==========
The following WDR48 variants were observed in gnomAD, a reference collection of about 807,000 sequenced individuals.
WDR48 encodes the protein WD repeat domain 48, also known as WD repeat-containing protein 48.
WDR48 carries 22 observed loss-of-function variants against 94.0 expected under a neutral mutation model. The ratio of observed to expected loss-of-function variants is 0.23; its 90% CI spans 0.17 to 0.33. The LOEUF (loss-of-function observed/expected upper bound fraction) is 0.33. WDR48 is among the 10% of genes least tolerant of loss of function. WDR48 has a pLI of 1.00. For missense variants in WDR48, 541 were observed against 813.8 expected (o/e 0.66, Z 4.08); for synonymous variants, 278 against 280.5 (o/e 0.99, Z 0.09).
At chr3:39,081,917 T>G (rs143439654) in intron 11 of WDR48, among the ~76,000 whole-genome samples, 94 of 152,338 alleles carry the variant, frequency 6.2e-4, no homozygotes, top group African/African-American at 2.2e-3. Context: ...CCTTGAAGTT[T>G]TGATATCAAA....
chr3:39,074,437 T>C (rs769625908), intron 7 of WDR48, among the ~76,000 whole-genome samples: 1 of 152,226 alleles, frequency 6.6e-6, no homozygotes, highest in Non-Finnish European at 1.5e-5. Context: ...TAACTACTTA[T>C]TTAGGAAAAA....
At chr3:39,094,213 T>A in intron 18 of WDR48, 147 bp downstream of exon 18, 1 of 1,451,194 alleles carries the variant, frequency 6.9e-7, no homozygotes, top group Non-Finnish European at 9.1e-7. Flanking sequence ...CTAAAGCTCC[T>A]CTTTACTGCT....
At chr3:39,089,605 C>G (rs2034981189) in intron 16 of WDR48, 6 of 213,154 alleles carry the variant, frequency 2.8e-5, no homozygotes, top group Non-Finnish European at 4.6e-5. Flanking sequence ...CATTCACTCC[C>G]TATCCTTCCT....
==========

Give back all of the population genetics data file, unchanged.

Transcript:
The following WDR48 variants were observed in gnomAD, a reference collection of about 807,000 sequenced individuals.
WDR48 encodes the protein WD repeat domain 48, also known as WD repeat-containing protein 48.
WDR48 carries 22 observed loss-of-function variants against 94.0 expected under a neutral mutation model. The ratio of observed to expected loss-of-function variants is 0.23; its 90% CI spans 0.17 to 0.33. The LOEUF (loss-of-function observed/expected upper bound fraction) is 0.33. WDR48 is among the 10% of genes least tolerant of loss of function. WDR48 has a pLI of 1.00. For missense variants in WDR48, 541 were observed against 813.8 expected (o/e 0.66, Z 4.08); for synonymous variants, 278 against 280.5 (o/e 0.99, Z 0.09).
At chr3:39,081,917 T>G (rs143439654) in intron 11 of WDR48, among the ~76,000 whole-genome samples, 94 of 152,338 alleles carry the variant, frequency 6.2e-4, no homozygotes, top group African/African-American at 2.2e-3. Context: ...CCTTGAAGTT[T>G]TGATATCAAA....
chr3:39,074,437 T>C (rs769625908), intron 7 of WDR48, among the ~76,000 whole-genome samples: 1 of 152,226 alleles, frequency 6.6e-6, no homozygotes, highest in Non-Finnish European at 1.5e-5. Context: ...TAACTACTTA[T>C]TTAGGAAAAA....
At chr3:39,094,213 T>A in intron 18 of WDR48, 147 bp downstream of exon 18, 1 of 1,451,194 alleles carries the variant, frequency 6.9e-7, no homozygotes, top group Non-Finnish European at 9.1e-7. Flanking sequence ...CTAAAGCTCC[T>A]CTTTACTGCT....
At chr3:39,089,605 C>G (rs2034981189) in intron 16 of WDR48, 6 of 213,154 alleles carry the variant, frequency 2.8e-5, no homozygotes, top group Non-Finnish European at 4.6e-5. Flanking sequence ...CATTCACTCC[C>G]TATCCTTCCT....